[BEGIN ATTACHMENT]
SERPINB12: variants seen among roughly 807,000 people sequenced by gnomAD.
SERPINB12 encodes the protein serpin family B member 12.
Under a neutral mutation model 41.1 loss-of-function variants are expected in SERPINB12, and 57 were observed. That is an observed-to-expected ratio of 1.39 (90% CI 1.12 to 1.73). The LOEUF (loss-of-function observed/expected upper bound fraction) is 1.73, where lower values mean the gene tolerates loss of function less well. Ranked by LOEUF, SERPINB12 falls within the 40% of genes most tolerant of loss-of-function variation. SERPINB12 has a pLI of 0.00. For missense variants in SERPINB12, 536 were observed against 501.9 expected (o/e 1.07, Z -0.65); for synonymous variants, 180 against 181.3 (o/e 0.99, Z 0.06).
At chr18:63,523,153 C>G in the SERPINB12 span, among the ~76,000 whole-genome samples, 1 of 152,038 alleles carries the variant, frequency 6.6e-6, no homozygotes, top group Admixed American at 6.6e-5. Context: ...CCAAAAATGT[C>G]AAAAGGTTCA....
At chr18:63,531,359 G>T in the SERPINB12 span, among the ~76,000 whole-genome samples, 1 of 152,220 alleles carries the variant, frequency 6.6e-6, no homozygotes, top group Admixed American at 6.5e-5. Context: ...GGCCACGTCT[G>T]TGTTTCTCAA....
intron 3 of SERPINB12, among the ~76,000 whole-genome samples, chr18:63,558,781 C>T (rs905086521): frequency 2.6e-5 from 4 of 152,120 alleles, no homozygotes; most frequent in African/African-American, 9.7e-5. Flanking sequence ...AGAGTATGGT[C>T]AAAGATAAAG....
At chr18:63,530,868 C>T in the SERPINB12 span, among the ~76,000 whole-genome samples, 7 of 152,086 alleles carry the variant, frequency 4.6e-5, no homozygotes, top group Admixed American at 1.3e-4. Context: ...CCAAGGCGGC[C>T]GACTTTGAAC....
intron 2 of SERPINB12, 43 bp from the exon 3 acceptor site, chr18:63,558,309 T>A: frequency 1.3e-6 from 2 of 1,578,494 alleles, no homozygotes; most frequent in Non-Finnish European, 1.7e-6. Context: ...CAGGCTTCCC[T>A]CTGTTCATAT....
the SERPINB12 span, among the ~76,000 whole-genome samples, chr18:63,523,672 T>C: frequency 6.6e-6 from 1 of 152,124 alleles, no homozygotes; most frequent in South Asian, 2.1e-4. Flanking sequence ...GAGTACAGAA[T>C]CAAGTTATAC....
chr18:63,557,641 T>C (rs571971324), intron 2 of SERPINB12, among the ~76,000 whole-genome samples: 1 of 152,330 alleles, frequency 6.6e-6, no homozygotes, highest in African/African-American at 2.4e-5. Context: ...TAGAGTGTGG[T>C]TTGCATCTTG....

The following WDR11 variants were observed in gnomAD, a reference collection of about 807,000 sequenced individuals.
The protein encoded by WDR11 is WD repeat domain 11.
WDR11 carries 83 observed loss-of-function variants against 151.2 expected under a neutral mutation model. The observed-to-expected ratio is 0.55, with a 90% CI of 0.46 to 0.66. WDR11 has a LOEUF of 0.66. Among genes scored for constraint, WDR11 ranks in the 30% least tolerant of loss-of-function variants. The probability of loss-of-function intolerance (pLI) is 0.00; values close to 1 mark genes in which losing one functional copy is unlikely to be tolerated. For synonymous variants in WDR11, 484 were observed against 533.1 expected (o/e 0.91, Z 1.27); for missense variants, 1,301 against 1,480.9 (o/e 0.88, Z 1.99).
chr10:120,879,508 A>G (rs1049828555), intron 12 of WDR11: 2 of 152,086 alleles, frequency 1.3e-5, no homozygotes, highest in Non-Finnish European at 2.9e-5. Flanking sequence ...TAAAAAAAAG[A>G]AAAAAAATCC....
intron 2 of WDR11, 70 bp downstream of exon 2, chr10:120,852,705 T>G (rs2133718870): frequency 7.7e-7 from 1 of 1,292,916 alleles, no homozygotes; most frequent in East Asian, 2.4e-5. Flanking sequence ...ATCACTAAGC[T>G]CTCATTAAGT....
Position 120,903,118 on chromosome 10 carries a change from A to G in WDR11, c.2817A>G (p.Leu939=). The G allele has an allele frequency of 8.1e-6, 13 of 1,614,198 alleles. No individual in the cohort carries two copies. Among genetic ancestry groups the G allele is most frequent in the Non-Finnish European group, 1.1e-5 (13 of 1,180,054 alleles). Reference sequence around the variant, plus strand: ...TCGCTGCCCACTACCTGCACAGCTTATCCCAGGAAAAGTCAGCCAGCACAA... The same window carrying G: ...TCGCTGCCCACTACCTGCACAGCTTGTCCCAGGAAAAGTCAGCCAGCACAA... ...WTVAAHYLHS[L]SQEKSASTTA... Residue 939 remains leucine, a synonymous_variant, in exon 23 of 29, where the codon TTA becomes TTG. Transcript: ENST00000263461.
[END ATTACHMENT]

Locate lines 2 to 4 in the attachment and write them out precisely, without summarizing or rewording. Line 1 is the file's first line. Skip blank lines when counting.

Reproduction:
SERPINB12 encodes the protein serpin family B member 12.
Under a neutral mutation model 41.1 loss-of-function variants are expected in SERPINB12, and 57 were observed. That is an observed-to-expected ratio of 1.39 (90% CI 1.12 to 1.73). The LOEUF (loss-of-function observed/expected upper bound fraction) is 1.73, where lower values mean the gene tolerates loss of function less well. Ranked by LOEUF, SERPINB12 falls within the 40% of genes most tolerant of loss-of-function variation. SERPINB12 has a pLI of 0.00. For missense variants in SERPINB12, 536 were observed against 501.9 expected (o/e 1.07, Z -0.65); for synonymous variants, 180 against 181.3 (o/e 0.99, Z 0.06).
At chr18:63,523,153 C>G in the SERPINB12 span, among the ~76,000 whole-genome samples, 1 of 152,038 alleles carries the variant, frequency 6.6e-6, no homozygotes, top group Admixed American at 6.6e-5. Context: ...CCAAAAATGT[C>G]AAAAGGTTCA....